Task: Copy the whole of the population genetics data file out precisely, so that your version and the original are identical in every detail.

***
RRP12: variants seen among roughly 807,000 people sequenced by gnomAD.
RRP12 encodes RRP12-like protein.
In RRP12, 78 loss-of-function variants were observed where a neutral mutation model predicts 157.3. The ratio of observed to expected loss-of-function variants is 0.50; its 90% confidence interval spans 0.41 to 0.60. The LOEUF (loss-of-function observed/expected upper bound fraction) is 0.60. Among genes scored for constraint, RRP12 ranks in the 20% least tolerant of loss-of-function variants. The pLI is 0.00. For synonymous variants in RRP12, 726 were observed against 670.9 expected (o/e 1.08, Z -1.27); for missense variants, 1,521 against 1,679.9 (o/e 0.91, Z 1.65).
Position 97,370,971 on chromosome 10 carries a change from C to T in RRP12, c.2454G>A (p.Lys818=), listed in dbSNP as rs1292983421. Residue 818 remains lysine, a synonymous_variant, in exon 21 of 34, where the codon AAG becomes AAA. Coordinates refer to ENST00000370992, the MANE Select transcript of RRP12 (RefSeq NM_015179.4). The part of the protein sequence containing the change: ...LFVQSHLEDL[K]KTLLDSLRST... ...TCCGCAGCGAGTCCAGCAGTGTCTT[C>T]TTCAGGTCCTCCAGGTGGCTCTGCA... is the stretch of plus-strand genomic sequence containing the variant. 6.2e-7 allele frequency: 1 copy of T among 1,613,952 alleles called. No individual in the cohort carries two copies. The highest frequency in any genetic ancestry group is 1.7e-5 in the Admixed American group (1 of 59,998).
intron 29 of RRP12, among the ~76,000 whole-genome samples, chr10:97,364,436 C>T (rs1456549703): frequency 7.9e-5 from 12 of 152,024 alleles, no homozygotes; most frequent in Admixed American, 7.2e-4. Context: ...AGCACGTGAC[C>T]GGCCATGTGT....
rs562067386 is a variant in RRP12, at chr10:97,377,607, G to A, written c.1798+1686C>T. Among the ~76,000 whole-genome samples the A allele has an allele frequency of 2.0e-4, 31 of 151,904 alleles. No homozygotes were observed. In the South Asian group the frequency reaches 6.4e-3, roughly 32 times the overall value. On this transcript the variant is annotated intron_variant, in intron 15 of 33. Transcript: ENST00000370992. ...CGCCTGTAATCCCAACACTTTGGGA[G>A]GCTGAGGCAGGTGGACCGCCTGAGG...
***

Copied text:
RRP12: variants seen among roughly 807,000 people sequenced by gnomAD.
RRP12 encodes RRP12-like protein.
In RRP12, 78 loss-of-function variants were observed where a neutral mutation model predicts 157.3. The ratio of observed to expected loss-of-function variants is 0.50; its 90% confidence interval spans 0.41 to 0.60. The LOEUF (loss-of-function observed/expected upper bound fraction) is 0.60. Among genes scored for constraint, RRP12 ranks in the 20% least tolerant of loss-of-function variants. The pLI is 0.00. For synonymous variants in RRP12, 726 were observed against 670.9 expected (o/e 1.08, Z -1.27); for missense variants, 1,521 against 1,679.9 (o/e 0.91, Z 1.65).
Position 97,370,971 on chromosome 10 carries a change from C to T in RRP12, c.2454G>A (p.Lys818=), listed in dbSNP as rs1292983421. Residue 818 remains lysine, a synonymous_variant, in exon 21 of 34, where the codon AAG becomes AAA. Coordinates refer to ENST00000370992, the MANE Select transcript of RRP12 (RefSeq NM_015179.4). The part of the protein sequence containing the change: ...LFVQSHLEDL[K]KTLLDSLRST... ...TCCGCAGCGAGTCCAGCAGTGTCTT[C>T]TTCAGGTCCTCCAGGTGGCTCTGCA... is the stretch of plus-strand genomic sequence containing the variant. 6.2e-7 allele frequency: 1 copy of T among 1,613,952 alleles called. No individual in the cohort carries two copies. The highest frequency in any genetic ancestry group is 1.7e-5 in the Admixed American group (1 of 59,998).
intron 29 of RRP12, among the ~76,000 whole-genome samples, chr10:97,364,436 C>T (rs1456549703): frequency 7.9e-5 from 12 of 152,024 alleles, no homozygotes; most frequent in Admixed American, 7.2e-4. Context: ...AGCACGTGAC[C>T]GGCCATGTGT....
rs562067386 is a variant in RRP12, at chr10:97,377,607, G to A, written c.1798+1686C>T. Among the ~76,000 whole-genome samples the A allele has an allele frequency of 2.0e-4, 31 of 151,904 alleles. No homozygotes were observed. In the South Asian group the frequency reaches 6.4e-3, roughly 32 times the overall value. On this transcript the variant is annotated intron_variant, in intron 15 of 33. Transcript: ENST00000370992. ...CGCCTGTAATCCCAACACTTTGGGA[G>A]GCTGAGGCAGGTGGACCGCCTGAGG...